meet the judges of the 2019 rachel funari prize for fiction: alison evans
Over the next few weeks, we’ll be introducing you to our stellar line-up of judges for the 2019 Rachel Funari Prize for Fiction. Today, meet author, Alison Evans.
The Rachel Funari Prize for Fiction calls for stories by women, female-identifying and non-binary writers. What’s your view on diverse representation in publishing?
The world is diverse and we all have different experiences, and I think it’s incredibly important to represent this in fiction.
What comes to mind when you think of our 2019 theme, ‘fragments’?
Fleeting images: a tram going by, a leaf falling from a tree, an intake of breath.
You’re an accomplished author with a fistful of novels under your belt, and your latest, Highway Bodies, was published in February by Echo Publishing. (Congratulations!) When it comes to writing, what’s your process? Are you a ‘plotter’ or a ‘pantser’?
Thank you! I am a bit of both to be honest. When I started writing, I was a huge planner, I would plan every single scene. Now, I’m heading in more of the panster direction. I tend to start out with the first three or four chapters planned out very roughly, but I am more focused on the characters. Now I want to really know who they are before I start writing.
Is there anything you’re currently working on that you’d like to tell us about?
Currently I am waiting on the edits for my next book, Euphoria Kids. EK is about a trio of trans teens who become friends and need to find the witch who has cursed one of them. While I’m waiting on the edits, I’m redrafting a novel I wrote a draft a couple of years ago, which is about a haunting in the Yarra Valley.
Is there a writer (or writers!) you admire or books that have influenced your work?
So many! In #loveozya, I adore Cally Black, Marlee Jane Ward, Alice Pung, Demet Divaroren and Nevo Zisin. Outside of that, a writer I really admire is Jorges Luis Borges.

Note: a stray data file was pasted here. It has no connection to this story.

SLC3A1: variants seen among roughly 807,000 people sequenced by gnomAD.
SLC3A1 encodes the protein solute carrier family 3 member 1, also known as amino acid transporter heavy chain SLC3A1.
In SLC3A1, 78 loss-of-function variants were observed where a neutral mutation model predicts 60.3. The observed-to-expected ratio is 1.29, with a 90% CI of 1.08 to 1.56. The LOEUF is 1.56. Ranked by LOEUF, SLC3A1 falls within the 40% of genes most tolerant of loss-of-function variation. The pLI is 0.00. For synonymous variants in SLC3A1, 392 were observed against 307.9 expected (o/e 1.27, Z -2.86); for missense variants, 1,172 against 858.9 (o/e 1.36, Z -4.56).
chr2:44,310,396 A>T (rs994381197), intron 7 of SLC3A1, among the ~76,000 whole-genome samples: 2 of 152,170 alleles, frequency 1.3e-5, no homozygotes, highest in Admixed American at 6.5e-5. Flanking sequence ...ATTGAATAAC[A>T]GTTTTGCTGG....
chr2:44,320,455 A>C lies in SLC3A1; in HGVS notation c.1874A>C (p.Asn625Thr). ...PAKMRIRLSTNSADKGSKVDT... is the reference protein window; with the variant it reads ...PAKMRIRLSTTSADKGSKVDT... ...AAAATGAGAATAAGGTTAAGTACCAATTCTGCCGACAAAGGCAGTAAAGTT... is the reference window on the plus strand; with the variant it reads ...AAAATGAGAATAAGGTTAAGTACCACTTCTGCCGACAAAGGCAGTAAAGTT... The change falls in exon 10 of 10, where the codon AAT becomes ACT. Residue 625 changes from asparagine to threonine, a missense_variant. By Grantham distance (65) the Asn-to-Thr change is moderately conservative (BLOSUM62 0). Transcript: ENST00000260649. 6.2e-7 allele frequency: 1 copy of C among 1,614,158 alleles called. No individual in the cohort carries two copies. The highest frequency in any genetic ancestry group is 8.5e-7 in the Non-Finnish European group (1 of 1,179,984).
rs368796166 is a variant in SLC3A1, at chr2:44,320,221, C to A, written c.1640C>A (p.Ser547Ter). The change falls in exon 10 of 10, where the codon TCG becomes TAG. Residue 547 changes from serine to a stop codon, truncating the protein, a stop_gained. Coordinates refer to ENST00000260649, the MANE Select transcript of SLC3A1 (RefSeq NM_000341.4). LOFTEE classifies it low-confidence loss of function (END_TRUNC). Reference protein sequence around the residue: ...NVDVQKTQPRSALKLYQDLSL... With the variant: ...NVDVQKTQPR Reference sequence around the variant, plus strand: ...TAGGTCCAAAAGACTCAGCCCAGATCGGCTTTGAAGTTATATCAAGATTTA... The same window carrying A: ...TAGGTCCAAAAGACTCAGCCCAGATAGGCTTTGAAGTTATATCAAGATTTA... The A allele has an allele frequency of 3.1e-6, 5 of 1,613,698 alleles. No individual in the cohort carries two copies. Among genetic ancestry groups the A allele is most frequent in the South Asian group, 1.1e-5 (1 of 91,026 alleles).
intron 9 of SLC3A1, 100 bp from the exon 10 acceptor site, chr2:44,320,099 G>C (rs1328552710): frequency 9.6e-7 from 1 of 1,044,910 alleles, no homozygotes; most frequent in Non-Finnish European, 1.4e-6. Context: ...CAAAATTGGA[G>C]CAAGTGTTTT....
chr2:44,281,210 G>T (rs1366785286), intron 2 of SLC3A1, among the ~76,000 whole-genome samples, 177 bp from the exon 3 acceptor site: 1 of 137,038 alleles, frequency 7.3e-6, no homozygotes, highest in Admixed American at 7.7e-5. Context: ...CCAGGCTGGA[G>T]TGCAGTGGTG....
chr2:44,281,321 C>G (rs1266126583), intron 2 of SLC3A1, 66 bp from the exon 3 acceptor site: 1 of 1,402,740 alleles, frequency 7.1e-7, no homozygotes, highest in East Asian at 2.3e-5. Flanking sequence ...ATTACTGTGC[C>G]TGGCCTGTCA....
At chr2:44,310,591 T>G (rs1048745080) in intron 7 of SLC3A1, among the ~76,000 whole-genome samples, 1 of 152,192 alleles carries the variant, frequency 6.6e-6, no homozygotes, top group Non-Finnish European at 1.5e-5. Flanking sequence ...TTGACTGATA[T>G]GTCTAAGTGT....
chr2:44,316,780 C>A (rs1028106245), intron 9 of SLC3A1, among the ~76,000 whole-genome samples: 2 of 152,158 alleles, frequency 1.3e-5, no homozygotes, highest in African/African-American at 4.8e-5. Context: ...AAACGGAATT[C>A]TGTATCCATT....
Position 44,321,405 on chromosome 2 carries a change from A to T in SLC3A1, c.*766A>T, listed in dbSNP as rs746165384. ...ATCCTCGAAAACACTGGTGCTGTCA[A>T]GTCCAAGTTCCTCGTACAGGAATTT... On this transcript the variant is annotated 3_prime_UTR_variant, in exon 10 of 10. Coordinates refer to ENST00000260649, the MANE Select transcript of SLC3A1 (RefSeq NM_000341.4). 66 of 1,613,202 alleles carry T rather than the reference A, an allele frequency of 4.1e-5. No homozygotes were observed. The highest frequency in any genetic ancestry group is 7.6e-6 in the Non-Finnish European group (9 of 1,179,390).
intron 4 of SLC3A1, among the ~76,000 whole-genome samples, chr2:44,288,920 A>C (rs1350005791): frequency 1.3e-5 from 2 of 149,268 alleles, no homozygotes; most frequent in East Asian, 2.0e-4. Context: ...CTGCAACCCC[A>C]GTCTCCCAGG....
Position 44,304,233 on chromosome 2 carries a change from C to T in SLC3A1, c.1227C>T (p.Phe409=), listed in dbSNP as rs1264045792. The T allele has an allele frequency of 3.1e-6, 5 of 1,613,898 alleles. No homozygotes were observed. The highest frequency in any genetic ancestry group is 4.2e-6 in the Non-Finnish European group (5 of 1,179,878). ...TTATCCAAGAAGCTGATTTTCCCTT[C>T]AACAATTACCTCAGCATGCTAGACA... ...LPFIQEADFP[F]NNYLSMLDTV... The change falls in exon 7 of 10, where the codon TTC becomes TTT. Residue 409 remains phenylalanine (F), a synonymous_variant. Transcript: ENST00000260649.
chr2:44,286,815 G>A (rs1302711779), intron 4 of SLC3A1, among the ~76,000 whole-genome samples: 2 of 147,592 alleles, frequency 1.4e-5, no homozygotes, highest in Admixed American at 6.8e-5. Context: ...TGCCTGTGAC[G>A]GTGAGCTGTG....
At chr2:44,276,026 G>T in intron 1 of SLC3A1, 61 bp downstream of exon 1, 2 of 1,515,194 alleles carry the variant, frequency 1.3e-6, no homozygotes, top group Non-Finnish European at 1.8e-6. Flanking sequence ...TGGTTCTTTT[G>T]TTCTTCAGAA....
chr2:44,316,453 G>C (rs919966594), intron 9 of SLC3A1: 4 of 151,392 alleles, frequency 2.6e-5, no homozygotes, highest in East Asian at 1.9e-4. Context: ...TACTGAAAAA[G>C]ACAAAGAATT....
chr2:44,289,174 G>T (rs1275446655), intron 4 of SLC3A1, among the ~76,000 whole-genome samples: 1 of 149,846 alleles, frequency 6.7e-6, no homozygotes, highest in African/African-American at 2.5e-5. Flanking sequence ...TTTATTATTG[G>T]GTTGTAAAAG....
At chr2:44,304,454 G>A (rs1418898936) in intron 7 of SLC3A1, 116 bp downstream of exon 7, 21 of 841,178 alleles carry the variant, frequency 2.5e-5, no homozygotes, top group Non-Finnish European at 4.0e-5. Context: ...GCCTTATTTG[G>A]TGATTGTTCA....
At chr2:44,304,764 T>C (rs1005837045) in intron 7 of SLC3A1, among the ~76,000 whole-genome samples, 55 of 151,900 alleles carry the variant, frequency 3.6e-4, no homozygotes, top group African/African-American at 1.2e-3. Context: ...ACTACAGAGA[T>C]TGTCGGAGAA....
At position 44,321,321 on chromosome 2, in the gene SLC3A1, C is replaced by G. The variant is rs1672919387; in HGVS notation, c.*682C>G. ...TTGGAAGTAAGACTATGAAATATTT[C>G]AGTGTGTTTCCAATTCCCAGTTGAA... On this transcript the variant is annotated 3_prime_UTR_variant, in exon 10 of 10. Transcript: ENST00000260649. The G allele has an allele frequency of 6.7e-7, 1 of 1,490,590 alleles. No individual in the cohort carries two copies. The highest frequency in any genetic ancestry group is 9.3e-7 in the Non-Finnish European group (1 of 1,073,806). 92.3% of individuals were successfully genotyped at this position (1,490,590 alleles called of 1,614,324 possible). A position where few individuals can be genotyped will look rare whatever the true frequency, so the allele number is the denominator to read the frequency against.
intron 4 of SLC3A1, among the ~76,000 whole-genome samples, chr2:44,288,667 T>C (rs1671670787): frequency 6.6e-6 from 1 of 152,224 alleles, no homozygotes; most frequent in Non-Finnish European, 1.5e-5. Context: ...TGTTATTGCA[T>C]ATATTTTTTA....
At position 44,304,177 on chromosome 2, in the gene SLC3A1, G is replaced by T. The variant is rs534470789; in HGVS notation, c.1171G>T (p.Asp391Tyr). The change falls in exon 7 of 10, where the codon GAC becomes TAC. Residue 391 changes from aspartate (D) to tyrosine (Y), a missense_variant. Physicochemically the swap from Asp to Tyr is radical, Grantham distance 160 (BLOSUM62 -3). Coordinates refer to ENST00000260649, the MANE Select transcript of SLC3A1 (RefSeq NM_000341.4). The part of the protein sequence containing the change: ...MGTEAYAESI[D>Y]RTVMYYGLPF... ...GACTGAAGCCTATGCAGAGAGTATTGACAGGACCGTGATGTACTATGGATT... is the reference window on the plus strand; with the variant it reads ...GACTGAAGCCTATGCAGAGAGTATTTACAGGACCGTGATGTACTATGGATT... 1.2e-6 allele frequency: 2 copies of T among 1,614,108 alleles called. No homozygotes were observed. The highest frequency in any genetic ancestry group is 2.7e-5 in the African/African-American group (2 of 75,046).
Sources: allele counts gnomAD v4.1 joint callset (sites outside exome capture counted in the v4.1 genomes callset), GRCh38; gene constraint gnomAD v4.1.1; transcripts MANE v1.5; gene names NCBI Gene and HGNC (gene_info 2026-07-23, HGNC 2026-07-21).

What are you reading right now?
Static Ruin by Corey J White, which is the last in a trilogy about a woman named Mars Xi, who is basically a space witch. They’re punchy novellas and Corey’s writing style is great. Plus, there’s a few non-binary characters which I think is vital to see in futuristic worlds.
What’s on your To Be Read pile?
For We Are Young and Free by Maddison Stoff, which is a collection of cyberpunk dystopian fiction set in Australia. I’ve read some of Maddison’s short stories before and she’s really mastered the form. Another book I’m excited to read it Oasis by Katya de Becerra, which is loosely inspired by a Jorges Luis Borges short story. Plus I loved Katya’s first book, so I can’t wait until this one comes out.
What do you read to feel inspired?
Most recently, I read Kindred. It’s an anthology of 12 queer #loveozya short stories and full disclosure: I’m in it. But honestly, this book is the thing I needed when I was a teen. And to see it come to life, and to read these wonderful, varied, queer stories, is an amazing experience. This has really given me so much motivation to keep doing what I’m doing. I cannot begin to explain how it feels to be in this anthology with these amazing writers. It comes out in June!
What, in your opinion, is the secret to writing a good short story?
I think it’s easy to think a short story is easier to write than a novel, and I don’t think that’s true. While they have less words, you have to pack in everything that makes a novel good, and you have to distill it into its purest kind of form. Acknowledging that, I think, is the first step to writing a good short story.
What will you be looking for when judging the Rachel Funari Prize for Fiction?
More than anything, I want a character I can care about. Beautiful writing is always good, an interesting plot or idea is good too, but if I don’t care about the character, then I won’t care about the story.
What does literary success look like to you?
For me, the highlights of my career have been when teenagers have come up to me and told me they loved my book. When teens thank me for writing queer characters. They really, really mean it, and I can tell that my work means something important to them.
Entries for the 2019 Rachel Funari Prize for Fiction are now OPEN and close 5pm Friday 19th April, 2019. Submit stories up to 2000 words that engage with the theme ‘fragments’. For more information, click here.